We have all probably dreamed of the day we could catch the IRS in an error that would work to our benefit. The taxpayers in Kunkel v. Commissioner, No. 15-2232, 2016.C07.0000730 (7th Cir. May 10, 2016) (VersusLaw), thought they had just that opportunity. The parties were in negotiations for what amounted to approximately three-quarters of a million dollars in underpayments and penalties for tax years 2008-2010. The statute of limitations period was running out and, as is often the case, the parties agreed to extend the statutory period in order to continue to work to resolve the audit without litigation. Negotiations eventually broke down and the IRS filed suit against the taxpayers.
The taxpayers challenged the earliest year in the audit, interposing the defense of statute of limitations. In completing the form, the typist at the IRS entered the dates the limitations period would expire, rather than entering the ending dates of the tax years involved in the audit. The Tax Court agreed to reform the document to address the “mutual mistake” that all parties overlooked when it was signed. The court observed that the document had been signed by the taxpayers’ accountant who was knowledgeable in IRS procedure and knew the years involved in the audit. Further, the court noted, that for the accountant to contend otherwise could put in jeopardy his reputation and ability to practice before the IRS. Lastly, the court concluded that the form would serve no purpose if it did not operate to extend the limitations period for 2008.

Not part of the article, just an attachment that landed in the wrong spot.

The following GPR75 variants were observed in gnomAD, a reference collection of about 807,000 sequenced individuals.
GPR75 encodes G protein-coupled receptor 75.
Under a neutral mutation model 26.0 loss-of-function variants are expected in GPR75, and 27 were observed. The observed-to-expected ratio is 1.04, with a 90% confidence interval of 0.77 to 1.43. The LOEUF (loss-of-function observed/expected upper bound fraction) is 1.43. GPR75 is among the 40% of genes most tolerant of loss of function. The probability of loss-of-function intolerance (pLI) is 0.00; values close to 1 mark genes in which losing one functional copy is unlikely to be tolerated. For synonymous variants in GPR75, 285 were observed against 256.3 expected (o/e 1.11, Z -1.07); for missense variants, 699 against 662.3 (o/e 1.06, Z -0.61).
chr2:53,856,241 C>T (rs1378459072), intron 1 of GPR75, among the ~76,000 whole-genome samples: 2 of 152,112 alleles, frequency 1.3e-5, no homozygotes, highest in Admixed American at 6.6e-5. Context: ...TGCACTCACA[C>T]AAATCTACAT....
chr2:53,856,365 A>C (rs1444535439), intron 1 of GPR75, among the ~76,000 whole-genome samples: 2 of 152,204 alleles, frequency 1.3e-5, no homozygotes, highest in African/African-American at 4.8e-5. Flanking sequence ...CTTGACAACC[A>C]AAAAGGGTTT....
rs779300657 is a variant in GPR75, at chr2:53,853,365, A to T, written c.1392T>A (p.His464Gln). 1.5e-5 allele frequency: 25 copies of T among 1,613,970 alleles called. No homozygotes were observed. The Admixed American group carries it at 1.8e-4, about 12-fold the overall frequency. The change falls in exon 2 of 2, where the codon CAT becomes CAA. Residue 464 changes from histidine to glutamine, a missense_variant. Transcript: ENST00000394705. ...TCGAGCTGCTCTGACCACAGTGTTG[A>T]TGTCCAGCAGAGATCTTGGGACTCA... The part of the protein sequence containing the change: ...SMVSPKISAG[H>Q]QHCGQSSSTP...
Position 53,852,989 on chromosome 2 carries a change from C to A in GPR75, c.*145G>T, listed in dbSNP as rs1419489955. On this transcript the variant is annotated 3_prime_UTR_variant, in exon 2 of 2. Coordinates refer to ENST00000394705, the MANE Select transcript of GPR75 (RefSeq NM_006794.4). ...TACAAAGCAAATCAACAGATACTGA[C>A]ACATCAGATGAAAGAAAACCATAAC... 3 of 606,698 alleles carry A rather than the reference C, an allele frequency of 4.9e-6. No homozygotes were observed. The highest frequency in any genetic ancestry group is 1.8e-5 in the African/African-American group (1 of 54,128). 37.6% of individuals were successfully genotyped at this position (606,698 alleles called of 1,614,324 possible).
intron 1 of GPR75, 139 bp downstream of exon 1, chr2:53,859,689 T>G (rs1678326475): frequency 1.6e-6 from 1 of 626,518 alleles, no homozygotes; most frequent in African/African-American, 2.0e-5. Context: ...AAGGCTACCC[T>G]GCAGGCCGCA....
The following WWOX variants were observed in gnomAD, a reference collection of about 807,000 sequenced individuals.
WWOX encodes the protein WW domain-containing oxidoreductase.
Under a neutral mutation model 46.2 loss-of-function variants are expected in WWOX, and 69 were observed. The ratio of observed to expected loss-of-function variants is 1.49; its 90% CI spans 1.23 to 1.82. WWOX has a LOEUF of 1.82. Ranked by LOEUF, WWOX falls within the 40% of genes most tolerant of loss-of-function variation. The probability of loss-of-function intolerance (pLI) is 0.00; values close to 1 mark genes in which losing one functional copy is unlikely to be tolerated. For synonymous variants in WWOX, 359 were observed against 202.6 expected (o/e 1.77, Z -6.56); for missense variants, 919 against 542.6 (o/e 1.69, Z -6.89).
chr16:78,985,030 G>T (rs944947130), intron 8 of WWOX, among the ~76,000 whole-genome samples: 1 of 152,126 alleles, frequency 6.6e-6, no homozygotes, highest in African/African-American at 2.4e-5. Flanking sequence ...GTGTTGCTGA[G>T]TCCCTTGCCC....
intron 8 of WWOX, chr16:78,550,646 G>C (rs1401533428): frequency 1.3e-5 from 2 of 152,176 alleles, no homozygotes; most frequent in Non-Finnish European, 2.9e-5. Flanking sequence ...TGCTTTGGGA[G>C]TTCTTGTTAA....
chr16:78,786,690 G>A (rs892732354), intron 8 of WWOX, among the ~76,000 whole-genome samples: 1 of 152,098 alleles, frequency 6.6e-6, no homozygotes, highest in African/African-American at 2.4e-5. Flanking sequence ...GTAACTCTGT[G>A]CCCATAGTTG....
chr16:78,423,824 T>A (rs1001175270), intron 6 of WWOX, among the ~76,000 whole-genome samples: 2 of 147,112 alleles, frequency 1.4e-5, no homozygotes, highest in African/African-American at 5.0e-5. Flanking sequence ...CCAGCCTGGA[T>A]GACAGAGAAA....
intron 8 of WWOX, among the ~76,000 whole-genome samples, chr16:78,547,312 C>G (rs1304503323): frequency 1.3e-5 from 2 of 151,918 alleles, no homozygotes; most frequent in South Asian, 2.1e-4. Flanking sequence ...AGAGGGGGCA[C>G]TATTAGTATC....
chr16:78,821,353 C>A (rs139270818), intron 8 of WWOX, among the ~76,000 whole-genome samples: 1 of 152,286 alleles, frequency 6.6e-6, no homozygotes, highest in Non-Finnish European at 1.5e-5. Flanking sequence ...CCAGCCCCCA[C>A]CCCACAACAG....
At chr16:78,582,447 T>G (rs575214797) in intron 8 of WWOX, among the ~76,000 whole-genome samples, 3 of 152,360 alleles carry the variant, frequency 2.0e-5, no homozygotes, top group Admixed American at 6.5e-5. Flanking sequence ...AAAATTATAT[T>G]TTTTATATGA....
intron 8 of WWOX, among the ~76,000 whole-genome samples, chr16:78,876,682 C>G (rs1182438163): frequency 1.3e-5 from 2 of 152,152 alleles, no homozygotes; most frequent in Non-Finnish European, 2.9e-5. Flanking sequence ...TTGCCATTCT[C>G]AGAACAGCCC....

The court conceded it was aware of the irony in permitting the IRS to collect a 20% penalty for the taxpayers’ errors on their returns when its own form was sloppily prepared; but noted that the taxpayers’ appeal did not ask it to consider the incongruity.
It would appear that the take-away from a case like this is that it pays to read documents carefully—and get all errors corrected, even the ones you think may work in your favor later. As the court noted, the taxpayers’ accountant likely noticed the error when the documents were executed. While financially this appeal might have been a gamble the taxpayers were willing to pay to take, in the end, they gained nothing.